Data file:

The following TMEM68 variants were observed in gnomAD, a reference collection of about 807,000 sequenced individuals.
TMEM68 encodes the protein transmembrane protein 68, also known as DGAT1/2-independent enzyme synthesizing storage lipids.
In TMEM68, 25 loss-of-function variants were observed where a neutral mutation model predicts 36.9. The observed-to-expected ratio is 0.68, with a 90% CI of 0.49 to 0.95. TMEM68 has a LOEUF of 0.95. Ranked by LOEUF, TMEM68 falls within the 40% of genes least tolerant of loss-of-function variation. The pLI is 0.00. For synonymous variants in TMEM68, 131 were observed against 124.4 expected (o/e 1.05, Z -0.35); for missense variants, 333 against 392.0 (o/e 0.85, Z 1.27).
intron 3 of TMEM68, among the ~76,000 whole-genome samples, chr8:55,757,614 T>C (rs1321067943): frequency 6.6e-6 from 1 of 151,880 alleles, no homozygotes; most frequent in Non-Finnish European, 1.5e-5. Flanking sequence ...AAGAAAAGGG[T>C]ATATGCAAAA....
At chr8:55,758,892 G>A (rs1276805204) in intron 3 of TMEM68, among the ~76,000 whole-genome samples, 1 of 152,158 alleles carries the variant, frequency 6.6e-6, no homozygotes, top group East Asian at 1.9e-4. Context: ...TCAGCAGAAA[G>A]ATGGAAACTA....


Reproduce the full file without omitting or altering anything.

The following TMEM68 variants were observed in gnomAD, a reference collection of about 807,000 sequenced individuals.
TMEM68 encodes the protein transmembrane protein 68, also known as DGAT1/2-independent enzyme synthesizing storage lipids.
In TMEM68, 25 loss-of-function variants were observed where a neutral mutation model predicts 36.9. The observed-to-expected ratio is 0.68, with a 90% CI of 0.49 to 0.95. TMEM68 has a LOEUF of 0.95. Ranked by LOEUF, TMEM68 falls within the 40% of genes least tolerant of loss-of-function variation. The pLI is 0.00. For synonymous variants in TMEM68, 131 were observed against 124.4 expected (o/e 1.05, Z -0.35); for missense variants, 333 against 392.0 (o/e 0.85, Z 1.27).
intron 3 of TMEM68, among the ~76,000 whole-genome samples, chr8:55,757,614 T>C (rs1321067943): frequency 6.6e-6 from 1 of 151,880 alleles, no homozygotes; most frequent in Non-Finnish European, 1.5e-5. Flanking sequence ...AAGAAAAGGG[T>C]ATATGCAAAA....
At chr8:55,758,892 G>A (rs1276805204) in intron 3 of TMEM68, among the ~76,000 whole-genome samples, 1 of 152,158 alleles carries the variant, frequency 6.6e-6, no homozygotes, top group East Asian at 1.9e-4. Context: ...TCAGCAGAAA[G>A]ATGGAAACTA....